What Does Copyright Law Protect?

Copyright law protects original works of authorship including literary, dramatic, musical, audiovisual and artistic works, such as poetry, novels, movies, songs, computer software, and architecture. However, copyright law does not protect facts, ideas, systems, or methods of operation, although it may protect the way these things are expressed. Copyright law also does not protect individual words, short phrases or titles— for example, a brand slogan or a band name.

A non-exhaustive list of what can be protected by copyright includes:

  • Literary Works: This category of works includes things like novels, poems, short stories, periodicals, essays, dictionaries, manuscripts, periodicals and articles. It also includes software, such as smartphone apps, video games and software.
  • Musical Works and Any Accompanying Words: This category of works includes any work that consists of musical notes and lyrics in a musical composition.
  • Motion Pictures and Other Audiovisual Works: This category includes, online videos, motion pictures and television shows, video games, and slideshows.
  • Sound Recordings: A sound recording is a work that results from the fixation of sounds without a visual component, whether musical or spoken. This category of works includes music on CDs, podcasts, and recorded speeches.
  • Pictorial, Graphic, and Sculptural Works: This category of works includes two- and three-dimensional works of fine, graphic and applied art, photographs, prints and art reproductions, maps, and diagrams.
  • Dramatic Works and Any Accompanying Music: A dramatic work is one in which a series of events is presented to an audience by characters through dialogue and action. This category of works includes plays, operas and musicals.
  • Pantomimes and Choreographic Works: This category of works includes dances.
  • Architectural Works: This category includes not only the architectural plans but also the building and any associated drawings.

Compilation and Derivative Works

In addition to the list of works protected by copyright shown above, there are also certain compilations and derivative works protected under the law.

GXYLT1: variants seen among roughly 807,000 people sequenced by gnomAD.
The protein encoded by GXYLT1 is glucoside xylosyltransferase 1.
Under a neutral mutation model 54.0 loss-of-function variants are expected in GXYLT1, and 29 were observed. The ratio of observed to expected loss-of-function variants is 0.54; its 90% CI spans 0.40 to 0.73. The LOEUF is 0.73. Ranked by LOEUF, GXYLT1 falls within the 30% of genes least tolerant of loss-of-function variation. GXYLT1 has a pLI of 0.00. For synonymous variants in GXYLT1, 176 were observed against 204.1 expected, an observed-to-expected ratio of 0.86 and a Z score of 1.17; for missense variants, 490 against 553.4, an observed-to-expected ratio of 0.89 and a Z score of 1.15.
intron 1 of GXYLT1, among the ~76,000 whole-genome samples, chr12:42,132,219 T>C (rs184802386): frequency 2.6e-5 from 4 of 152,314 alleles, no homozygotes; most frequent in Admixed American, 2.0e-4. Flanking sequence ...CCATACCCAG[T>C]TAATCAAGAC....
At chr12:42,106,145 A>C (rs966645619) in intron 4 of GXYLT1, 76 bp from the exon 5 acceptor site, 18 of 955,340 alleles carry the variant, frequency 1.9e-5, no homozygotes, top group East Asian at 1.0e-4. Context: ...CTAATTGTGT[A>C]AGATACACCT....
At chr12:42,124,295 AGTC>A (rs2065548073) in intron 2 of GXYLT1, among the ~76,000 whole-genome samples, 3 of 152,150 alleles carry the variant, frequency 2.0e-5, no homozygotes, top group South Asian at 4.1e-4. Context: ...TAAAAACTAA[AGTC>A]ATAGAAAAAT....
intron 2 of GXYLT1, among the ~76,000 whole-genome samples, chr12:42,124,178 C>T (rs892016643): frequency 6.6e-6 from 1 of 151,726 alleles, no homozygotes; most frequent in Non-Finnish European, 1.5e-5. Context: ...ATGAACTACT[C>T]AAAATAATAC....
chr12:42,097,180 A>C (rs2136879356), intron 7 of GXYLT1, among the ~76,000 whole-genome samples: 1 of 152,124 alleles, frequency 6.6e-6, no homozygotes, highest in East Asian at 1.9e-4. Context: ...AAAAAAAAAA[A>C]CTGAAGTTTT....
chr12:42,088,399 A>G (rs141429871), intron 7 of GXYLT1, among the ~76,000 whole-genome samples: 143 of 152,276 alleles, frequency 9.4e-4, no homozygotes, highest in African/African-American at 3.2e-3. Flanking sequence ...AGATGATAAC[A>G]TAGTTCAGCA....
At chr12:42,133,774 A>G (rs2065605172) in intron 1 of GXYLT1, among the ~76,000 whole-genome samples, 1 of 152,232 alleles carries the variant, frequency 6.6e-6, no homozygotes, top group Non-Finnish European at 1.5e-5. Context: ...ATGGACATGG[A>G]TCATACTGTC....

• Compilations. A compilation is a work formed by the collection and assembling of preexisting materials or of data that are selected, coordinated, or arranged in such a way that the resulting work as a whole meets the requirements for copyright protection. This includes:
    • periodicals, anthologies, encyclopedias and other works in which a number of independently copyrightable works are assembled and
    • other works, like directories and databases, that incorporate and assemble pre-existing materials, data or other information that is not independently copyrightable.
  • Derivative Works. A derivative work is a work that is based on one or more preexisting works that has been transformed or modified in some way. For example, an abridged, annotated or revised edition of a book, translations and musical arrangements.

Note, that copyright protection in a compilation or derivative work extends only to the new material contributed by the author of the work and does not extend to either preexisting material included in the compilation or derivative work or any portion of a work that unlawfully incorporates copyrighted preexisting material.

Copyrightability of Creative Works

To learn more about what copyright law protects and does not protect in certain kinds of works, read more in our blog posts about:

To learn more about what copyright law protects and does not protect in works created in certain creative industries and professions, read more in our blog posts about: